WEST ORANGE, NJ – In keeping with social distancing guidelines created to mitigate the spread of the novel coronavirus COVID-19, Thursday’s West Orange Board of Education (WOBOE) meeting spared no ounce of caution ensuring that each member of board, the superintendent and the video recording crew were distanced at least six feet apart from each other.

Precautions were also taken for members of the public, who were asked to sit at least 10 seats away from the board in the West Orange High School (WOHS) auditorium with gloves, wipes and N95 respirator masks offered to those who wanted them.

Addressing the public, Superintendent of West Orange Schools Dr. J. Scott Cascone acknowledged that although it is no longer “common for public meetings to still occur,” the administration still opted to hold the meeting in person in order provide an update on the rollout of the newly created e-learning platform. He noted, however, that he would consider utilizing a live-streaming format for subsequent meetings.

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During the meeting, Dr. Cascone explained that although there were concerns about moving spring break up to the week of March 16, it ensured that ample time was given to members of the administration who were tasked with planning the logistics behind food services, technology, and instruction.

“I felt it incumbent upon me, as the superintendent of schools, […] that before we thrust our students and our staff and community into that environment […] that we were prepared as we possibly could be,” he said.

He added that information has been distributed to parents and students that includes guidelines and resources needed as the students get used to working on the new E-Learning Platform, which was created with the help of Assistant Superintendent of Curriculum and Instruction Eveny de Mendez as well as a “large team of teachers and administrators who have literally been working around the clock” so that the virtual platform will be ready to be used by students and staff.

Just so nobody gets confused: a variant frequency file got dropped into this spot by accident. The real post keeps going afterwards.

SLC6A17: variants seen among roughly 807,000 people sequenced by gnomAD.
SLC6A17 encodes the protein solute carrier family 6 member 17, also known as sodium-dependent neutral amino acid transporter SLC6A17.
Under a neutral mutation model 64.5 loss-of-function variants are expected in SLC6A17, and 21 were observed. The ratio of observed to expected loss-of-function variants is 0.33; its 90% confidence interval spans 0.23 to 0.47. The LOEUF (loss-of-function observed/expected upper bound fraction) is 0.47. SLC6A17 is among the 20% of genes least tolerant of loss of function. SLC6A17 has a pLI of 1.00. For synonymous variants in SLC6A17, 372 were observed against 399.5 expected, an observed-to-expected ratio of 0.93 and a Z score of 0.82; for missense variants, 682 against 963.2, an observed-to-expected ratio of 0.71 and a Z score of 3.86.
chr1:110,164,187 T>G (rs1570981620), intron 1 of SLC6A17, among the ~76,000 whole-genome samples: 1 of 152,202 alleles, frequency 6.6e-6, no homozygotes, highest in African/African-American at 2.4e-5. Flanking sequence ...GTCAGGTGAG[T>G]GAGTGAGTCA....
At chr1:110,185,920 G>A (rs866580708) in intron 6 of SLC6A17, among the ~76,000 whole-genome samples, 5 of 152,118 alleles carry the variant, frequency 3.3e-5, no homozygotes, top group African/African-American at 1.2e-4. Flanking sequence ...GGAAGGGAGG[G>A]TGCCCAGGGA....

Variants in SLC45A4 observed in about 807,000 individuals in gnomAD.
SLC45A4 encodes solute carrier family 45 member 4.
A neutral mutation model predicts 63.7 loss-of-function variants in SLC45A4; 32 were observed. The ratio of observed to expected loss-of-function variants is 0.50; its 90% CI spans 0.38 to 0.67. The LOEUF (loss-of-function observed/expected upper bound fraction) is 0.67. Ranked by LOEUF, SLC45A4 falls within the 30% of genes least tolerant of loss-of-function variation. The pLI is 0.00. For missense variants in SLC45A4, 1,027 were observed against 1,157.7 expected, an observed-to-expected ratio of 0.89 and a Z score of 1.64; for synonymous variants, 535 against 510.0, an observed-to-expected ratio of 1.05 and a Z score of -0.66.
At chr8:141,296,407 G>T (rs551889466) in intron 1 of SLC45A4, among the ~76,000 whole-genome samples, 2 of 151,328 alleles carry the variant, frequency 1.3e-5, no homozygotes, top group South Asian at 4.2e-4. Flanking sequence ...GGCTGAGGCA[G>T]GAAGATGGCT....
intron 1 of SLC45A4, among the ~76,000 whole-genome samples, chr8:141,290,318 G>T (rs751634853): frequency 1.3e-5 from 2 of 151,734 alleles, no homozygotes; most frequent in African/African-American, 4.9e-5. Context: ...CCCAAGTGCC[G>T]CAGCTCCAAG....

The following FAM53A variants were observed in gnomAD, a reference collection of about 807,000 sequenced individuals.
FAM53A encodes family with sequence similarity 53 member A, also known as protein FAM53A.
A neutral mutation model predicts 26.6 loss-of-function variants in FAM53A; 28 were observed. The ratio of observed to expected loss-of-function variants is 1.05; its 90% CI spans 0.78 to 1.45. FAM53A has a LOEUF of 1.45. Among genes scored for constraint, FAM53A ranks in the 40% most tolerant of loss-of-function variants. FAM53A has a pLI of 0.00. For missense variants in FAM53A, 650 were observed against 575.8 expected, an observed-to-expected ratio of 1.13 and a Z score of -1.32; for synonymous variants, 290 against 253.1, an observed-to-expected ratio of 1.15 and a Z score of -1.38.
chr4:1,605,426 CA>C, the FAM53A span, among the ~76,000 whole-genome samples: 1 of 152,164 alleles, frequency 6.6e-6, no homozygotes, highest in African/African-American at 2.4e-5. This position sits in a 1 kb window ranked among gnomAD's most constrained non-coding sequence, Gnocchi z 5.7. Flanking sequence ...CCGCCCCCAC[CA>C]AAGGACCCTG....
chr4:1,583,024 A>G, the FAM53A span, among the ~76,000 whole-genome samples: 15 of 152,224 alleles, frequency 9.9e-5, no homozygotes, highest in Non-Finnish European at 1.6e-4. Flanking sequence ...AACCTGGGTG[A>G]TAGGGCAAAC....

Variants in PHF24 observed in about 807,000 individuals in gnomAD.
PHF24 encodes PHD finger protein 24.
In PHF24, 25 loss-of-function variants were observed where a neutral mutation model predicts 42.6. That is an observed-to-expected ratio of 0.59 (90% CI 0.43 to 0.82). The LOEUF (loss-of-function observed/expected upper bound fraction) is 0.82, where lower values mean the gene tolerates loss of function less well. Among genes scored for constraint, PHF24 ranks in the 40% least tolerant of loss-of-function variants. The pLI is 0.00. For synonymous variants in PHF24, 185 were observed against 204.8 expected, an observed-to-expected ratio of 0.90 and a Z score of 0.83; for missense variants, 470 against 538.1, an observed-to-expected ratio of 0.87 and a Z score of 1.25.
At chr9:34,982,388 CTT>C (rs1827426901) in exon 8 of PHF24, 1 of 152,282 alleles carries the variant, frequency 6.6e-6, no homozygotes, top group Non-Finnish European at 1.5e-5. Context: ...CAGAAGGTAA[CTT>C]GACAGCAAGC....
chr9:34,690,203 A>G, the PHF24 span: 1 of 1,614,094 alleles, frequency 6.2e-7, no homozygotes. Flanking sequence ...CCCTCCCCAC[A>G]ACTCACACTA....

From a technological standpoint, Cascone acknowledged that this plan will only work if all students have access to a computer and Internet.

After distributing a survey to families in order to gauge their technological needs last week, approximately 1,500 households—accounting for more than 2,000 students—did not respond, according to the superintendent. However, Cascone said he hoped to have more definitive information by the time the remote learning plan is implemented on March 23.

In terms of food services, it was announced on March 18 that lunch and breakfast for the following day would be distributed at each elementary school via “drive-through” services between the hours of 12 p.m. to 2 p.m. For parents who are unable to come between those hours, Cascone reiterated that additional parcels will be distributed by either a security guard or another staff member until 4 p.m.